“I’m not going to stop doing what I’m doing and saying what I’m saying, because then they win”.

Early in the second chapter Greg Rucka places this justification for Lois Lane’s journalism in her mouth, one of so many quotable line he supplies. Another is “truth is so potent that given the choice most people would prefer to ignore it in favour of a lie more to their liking”. Have DC finally realised what they have in Lois Lane? It’s been fifty years since she was the cliché of popular culture associations, but for most of that time her journalistic investigations have been a secondary concern, prominent, but still more likely than not a reason for Superman’s eventual involvement. Rucka’s time writing Superman was compromised, and so was his Lois, and Enemy of the People reads as if he needs to put something right. This Lois is well-rounded, tenacious and stubborn, and places truth at the centre of her universe, the inconvenient truth prioritised.

Rucka bolsters Lois by explaining journalistic technique, even going as far as justifications for the craft, and highlights the difficulties for good people doing the right thing, while Mike Perkins embeds Lois in a largely naturalistic world. It’s decorative where permitted and seedy where needed, but almost always something we recognise. When he can stray from the path, Perkins gives us a great scene of Lois and Superman flying, or of the Question beating up a gang in a bar. She’s a Rucka creation, and features heavily, as Lois’ protection, investigator and sounding board.

Interestingly, it’s the continuity that sometimes impacts negatively. Do readers wanting a story about Lois’ core strengths care about Superboy’s decision to join the Legion of Super-Heroes? It’s intended to build Lois’ overall qualities, as is a later chapter about her fractious relationship with her military father. Superman, though, is handled well, torn off a strip early and therefore not around at the most troublesome point. It’s where readers will pick up that Lois ought to be suspicious and querying what’s happened, especially given what she’s just been told, yet she’s oblivious. It’s unconvincing for the person Rucka’s constructed.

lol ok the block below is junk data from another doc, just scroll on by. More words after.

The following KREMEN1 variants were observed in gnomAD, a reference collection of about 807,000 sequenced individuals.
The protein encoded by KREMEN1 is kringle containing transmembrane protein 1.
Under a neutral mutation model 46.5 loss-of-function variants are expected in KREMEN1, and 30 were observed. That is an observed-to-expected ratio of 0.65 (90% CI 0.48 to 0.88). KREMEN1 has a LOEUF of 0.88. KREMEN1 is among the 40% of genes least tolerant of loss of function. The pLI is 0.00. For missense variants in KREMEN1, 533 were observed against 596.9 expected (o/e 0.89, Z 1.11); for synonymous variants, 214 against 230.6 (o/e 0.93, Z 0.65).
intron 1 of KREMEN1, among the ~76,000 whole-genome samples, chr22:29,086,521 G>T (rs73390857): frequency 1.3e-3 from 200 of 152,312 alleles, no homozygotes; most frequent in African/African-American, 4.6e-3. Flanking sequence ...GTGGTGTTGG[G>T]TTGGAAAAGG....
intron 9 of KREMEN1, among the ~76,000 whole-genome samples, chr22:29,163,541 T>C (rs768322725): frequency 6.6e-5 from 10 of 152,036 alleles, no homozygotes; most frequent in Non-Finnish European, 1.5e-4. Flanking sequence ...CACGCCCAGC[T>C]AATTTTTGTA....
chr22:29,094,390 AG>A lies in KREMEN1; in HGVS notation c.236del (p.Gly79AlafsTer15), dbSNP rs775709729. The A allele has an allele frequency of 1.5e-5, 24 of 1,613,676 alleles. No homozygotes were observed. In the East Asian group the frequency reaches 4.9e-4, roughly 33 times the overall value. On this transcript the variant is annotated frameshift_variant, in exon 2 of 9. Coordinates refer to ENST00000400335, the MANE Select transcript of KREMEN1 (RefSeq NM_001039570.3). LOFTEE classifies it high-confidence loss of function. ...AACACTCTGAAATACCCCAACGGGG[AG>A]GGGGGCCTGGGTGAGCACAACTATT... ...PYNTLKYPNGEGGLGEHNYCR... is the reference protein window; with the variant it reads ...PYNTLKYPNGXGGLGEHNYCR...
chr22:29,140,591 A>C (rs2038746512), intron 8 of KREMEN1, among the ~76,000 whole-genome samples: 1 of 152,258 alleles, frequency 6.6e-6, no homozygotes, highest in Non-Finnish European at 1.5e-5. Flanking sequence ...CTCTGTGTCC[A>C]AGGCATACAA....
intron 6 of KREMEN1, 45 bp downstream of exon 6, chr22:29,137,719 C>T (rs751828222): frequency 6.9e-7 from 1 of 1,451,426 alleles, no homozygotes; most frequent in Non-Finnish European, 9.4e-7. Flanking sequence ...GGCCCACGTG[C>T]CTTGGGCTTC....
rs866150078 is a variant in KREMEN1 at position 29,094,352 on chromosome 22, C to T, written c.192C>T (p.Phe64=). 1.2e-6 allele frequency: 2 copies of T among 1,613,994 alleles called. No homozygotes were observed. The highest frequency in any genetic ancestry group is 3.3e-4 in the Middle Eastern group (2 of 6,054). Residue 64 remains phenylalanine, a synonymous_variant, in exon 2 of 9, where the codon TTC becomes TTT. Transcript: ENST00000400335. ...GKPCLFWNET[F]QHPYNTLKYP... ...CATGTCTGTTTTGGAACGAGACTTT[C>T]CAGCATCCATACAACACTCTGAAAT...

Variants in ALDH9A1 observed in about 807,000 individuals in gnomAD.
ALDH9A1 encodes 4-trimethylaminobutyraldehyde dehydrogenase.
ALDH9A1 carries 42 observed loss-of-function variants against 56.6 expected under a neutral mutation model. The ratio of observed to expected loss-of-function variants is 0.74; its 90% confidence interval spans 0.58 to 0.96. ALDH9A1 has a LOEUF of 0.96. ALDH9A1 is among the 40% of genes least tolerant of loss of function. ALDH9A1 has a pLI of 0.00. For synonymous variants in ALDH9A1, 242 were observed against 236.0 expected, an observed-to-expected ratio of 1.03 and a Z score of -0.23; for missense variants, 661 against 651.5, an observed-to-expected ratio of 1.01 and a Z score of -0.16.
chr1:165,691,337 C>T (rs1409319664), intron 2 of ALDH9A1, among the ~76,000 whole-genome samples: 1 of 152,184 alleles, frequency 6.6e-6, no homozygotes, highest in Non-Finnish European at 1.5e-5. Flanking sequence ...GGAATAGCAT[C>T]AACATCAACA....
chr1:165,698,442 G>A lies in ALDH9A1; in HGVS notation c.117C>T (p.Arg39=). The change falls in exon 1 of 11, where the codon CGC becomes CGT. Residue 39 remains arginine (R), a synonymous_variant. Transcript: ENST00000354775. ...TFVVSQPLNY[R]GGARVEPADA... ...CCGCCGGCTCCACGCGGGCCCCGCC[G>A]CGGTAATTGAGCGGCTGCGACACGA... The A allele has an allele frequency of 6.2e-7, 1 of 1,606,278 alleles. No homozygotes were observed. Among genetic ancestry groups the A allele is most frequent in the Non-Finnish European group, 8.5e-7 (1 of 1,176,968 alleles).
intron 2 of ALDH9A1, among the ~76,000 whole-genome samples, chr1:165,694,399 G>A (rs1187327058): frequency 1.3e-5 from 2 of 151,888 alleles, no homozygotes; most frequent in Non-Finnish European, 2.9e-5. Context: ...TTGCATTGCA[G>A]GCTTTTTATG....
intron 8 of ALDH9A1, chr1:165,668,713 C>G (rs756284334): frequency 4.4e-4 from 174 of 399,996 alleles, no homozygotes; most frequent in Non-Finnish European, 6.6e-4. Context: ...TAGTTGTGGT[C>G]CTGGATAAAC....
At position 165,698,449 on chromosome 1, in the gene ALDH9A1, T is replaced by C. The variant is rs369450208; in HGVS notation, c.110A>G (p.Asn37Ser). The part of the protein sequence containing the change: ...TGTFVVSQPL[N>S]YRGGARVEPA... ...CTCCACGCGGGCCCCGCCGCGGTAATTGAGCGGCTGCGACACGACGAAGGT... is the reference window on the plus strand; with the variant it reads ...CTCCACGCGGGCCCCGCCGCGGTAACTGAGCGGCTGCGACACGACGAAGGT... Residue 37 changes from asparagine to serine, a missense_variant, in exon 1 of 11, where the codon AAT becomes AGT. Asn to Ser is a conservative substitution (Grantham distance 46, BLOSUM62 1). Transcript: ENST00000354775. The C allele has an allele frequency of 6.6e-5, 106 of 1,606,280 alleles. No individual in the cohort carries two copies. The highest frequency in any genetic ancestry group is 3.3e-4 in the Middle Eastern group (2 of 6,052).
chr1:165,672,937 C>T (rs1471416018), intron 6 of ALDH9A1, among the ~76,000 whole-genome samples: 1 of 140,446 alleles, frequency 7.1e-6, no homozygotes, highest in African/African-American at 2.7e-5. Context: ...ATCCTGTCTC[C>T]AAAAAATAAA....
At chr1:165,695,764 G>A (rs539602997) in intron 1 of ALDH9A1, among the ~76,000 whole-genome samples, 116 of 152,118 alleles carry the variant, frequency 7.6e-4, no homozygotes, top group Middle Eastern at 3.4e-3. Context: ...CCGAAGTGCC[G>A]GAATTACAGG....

A clever feature is that we become so caught up in Lois’ life, we ignore the big point of exactly what it is she’s told several people she’s concealing, and that comes into focus over the final three chapters. At first it appears an invasive intrusion of DC’s superhero primacy, but it’s smart, even if Rucka skimps on the detail late on for what becomes a confusing turnaround. More regrettable is the use of a same sex relationship as voyeurism. Still, it’s balanced by many neat small details such as the Melissa McCarthy/Sean Spicer conflation, the icing on the cake of an intelligent story about both the craft of journalism and the necessity of truth.

In recent years DC have made commendable efforts to diversify, primarily generated for younger readers, so would there be a place for a regular hard-hitting, realistic human drama focused on journalism? Minimising superheroes, please.